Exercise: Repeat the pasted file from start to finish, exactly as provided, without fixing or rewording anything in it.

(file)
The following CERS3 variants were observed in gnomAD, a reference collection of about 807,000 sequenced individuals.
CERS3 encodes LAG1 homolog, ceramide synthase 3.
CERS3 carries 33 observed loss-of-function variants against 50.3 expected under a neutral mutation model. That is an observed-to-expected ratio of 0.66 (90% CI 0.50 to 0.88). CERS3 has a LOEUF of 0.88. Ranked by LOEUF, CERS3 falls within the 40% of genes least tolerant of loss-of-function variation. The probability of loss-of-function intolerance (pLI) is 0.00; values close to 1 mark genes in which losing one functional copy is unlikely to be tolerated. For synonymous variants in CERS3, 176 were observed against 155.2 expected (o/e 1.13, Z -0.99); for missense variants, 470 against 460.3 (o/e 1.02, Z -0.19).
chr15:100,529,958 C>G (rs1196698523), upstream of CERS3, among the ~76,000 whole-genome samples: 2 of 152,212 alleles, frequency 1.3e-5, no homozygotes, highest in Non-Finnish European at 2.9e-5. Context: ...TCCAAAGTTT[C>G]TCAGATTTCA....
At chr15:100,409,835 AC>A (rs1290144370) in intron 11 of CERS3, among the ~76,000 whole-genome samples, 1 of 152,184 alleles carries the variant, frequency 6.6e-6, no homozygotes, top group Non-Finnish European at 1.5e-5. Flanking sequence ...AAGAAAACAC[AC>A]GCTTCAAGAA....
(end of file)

The following CERS3 variants were observed in gnomAD, a reference collection of about 807,000 sequenced individuals.
CERS3 encodes LAG1 homolog, ceramide synthase 3.
CERS3 carries 33 observed loss-of-function variants against 50.3 expected under a neutral mutation model. That is an observed-to-expected ratio of 0.66 (90% CI 0.50 to 0.88). CERS3 has a LOEUF of 0.88. Ranked by LOEUF, CERS3 falls within the 40% of genes least tolerant of loss-of-function variation. The probability of loss-of-function intolerance (pLI) is 0.00; values close to 1 mark genes in which losing one functional copy is unlikely to be tolerated. For synonymous variants in CERS3, 176 were observed against 155.2 expected (o/e 1.13, Z -0.99); for missense variants, 470 against 460.3 (o/e 1.02, Z -0.19).
chr15:100,529,958 C>G (rs1196698523), upstream of CERS3, among the ~76,000 whole-genome samples: 2 of 152,212 alleles, frequency 1.3e-5, no homozygotes, highest in Non-Finnish European at 2.9e-5. Context: ...TCCAAAGTTT[C>G]TCAGATTTCA....
At chr15:100,409,835 AC>A (rs1290144370) in intron 11 of CERS3, among the ~76,000 whole-genome samples, 1 of 152,184 alleles carries the variant, frequency 6.6e-6, no homozygotes, top group Non-Finnish European at 1.5e-5. Flanking sequence ...AAGAAAACAC[AC>A]GCTTCAAGAA....